The Daily Tar Heel

Serving the students and the University community since 1893

Sunday November 27th


	Time-Out will soon have a food truck. Eddie Williams rings up third-grader Jayla Hines in the restaurant.

Time-Out hopes to bring food truck to campus

UNC students have been snacking on chicken and cheddar biscuits for almost 35 years. Soon, those biscuits will come on wheels. Eddie Williams, owner of both Time-Out Restaurant and Time-Out Sports Bar, said he plans to expand his Chapel Hill-based business to food trucks in coming months.

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UNC debates 'Meatless Mondays' plan

UNC students are trying to save some of the 83 to 100 animals most people consume each year. Eleni Vlachos, a local advocate for veganism who has been using that statistic to education people nationwide, is helping students expand vegan and vegetarian menu items at campus dining halls. If Carolina Dining Services approves a proposal drafted by students, all Mondays would be designated as “Meatless Mondays.” Biology major Brandon Hays presented the student proposal to dining services Monday. The proposal follows a recent national trend to promote veganism and vegetarianism on college campuses, including East Carolina University and Davidson College, said Vlachos, who is also a community relations contractor for Duke Medicine. Vlachos recently traveled to universities around the country to promote her documentary on the benefits of veganism. She said some schools went as far as to eliminate meat entirely from Monday menus. UNC’s proposal would not eliminate meat and animal products from the menu on Mondays, Vlachos said.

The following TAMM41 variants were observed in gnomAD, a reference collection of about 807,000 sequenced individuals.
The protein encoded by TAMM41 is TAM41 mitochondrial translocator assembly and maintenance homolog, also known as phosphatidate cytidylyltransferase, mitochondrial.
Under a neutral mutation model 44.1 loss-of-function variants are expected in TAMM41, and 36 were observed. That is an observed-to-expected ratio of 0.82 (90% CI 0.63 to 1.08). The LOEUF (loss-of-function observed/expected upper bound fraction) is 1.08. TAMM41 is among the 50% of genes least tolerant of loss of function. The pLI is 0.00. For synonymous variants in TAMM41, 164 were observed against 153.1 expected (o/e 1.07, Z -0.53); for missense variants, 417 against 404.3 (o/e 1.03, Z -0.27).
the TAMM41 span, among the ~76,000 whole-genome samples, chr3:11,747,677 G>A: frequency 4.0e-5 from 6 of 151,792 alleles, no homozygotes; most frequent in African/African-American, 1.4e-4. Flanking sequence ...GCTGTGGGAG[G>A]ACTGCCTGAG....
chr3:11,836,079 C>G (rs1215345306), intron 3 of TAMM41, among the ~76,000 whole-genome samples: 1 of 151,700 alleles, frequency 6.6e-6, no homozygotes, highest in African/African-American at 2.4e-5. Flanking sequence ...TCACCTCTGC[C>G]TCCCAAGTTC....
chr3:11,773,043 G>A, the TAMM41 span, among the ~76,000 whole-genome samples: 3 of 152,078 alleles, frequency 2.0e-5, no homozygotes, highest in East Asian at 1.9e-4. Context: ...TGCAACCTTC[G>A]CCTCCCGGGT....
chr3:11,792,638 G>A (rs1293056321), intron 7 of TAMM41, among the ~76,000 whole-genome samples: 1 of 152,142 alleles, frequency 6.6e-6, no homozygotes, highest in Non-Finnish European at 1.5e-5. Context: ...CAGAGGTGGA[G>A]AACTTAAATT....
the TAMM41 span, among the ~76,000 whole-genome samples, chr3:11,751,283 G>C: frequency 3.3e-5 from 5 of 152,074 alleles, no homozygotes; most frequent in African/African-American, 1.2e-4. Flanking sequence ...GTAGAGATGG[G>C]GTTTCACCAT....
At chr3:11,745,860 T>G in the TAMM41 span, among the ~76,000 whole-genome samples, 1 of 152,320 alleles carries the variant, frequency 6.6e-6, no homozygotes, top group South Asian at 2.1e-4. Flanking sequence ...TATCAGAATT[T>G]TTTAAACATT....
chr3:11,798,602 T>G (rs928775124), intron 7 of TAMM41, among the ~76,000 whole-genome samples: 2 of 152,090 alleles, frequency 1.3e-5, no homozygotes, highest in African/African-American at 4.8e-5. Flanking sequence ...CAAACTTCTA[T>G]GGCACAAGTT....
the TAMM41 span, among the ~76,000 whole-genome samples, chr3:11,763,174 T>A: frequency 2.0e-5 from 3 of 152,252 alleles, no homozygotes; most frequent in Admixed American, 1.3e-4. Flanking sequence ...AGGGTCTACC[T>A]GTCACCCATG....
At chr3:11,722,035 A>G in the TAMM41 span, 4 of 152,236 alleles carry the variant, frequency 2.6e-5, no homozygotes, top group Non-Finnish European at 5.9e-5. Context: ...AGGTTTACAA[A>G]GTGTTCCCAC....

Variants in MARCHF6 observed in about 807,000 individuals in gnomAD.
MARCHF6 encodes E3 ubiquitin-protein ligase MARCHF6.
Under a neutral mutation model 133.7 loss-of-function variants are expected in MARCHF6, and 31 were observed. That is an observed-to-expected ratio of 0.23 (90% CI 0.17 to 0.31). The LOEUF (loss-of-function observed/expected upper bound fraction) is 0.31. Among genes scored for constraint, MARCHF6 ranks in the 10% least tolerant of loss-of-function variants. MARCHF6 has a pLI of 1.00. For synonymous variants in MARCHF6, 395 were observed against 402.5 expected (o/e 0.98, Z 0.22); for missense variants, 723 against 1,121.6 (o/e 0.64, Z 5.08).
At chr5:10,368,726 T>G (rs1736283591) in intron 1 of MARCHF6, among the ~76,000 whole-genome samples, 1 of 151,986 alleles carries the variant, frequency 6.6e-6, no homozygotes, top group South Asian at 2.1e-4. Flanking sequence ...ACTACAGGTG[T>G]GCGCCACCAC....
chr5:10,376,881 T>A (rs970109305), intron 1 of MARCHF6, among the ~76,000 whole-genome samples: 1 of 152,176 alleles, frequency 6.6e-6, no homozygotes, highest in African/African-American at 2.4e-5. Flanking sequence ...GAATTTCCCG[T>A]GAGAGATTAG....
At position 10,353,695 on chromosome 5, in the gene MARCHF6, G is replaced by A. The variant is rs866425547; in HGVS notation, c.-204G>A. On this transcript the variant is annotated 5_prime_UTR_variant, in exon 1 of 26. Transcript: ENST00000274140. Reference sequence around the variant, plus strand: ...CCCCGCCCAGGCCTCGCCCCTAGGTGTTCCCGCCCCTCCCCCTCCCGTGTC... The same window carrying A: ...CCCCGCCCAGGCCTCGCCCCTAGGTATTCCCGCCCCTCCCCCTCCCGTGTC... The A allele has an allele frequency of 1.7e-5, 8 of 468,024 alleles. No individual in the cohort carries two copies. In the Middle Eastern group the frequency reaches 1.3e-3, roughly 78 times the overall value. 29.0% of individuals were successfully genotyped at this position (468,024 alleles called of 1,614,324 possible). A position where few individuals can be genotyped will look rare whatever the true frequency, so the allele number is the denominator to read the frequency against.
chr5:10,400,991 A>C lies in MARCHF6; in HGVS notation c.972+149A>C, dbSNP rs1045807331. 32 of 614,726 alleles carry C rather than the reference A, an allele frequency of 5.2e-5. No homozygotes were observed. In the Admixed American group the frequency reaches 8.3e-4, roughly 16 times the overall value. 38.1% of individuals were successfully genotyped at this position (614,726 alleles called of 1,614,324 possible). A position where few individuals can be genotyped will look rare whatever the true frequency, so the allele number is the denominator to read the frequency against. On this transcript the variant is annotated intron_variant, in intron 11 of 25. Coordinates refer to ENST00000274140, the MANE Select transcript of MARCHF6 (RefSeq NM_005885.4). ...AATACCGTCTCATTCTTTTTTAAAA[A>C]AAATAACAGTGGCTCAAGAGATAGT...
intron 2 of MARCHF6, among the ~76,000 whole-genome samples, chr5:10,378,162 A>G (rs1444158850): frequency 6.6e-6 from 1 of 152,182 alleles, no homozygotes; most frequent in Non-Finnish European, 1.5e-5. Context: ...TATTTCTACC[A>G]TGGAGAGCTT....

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Juan Tuset, 2011 UNC Global Studies major and Hispanic and Latino/Latina Studies minor, prepares a grocery cart for a family for the month.  Tuset works at the IFC as the new director of Hispanic outreach.  He says he enjoys working for IFC because they are "doing things to mitigate the rigors of poverty," especially here in the Chapel Hill area.

Working to provide holiday meals for homeless

With Thanksgiving approaching fast, Juan Tuset wants to make sure all Hispanic residents in need receive enough information to register for a holiday meal. And because of his efforts to bring together the Inter-Faith Council for Social Service and the local Hispanic homeless community and in-need Spanish speakers, he might see that goal achieved.

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Homegrown Halloween has hurt the profits of Franklin Street bars

For local business owner Kyle Heath, Halloween used to be the most profitable night of the year — rivaled only by a national championship. But since Chapel Hill implemented Homegrown Halloween in 2008 as an effort to return the Franklin Street Halloween celebration to its community roots, he said profits have declined — and he is concerned this year will continue the trend.

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Hector's to reopen on East Rosemary Street

Pita double cheeseburgers are making a comeback in Chapel Hill. Hector’s, tentatively slated to open Labor Day weekend, will be a revival of the original Hector’s, which opened in 1969 in Chapel Hill and has closed and reopened three times since.

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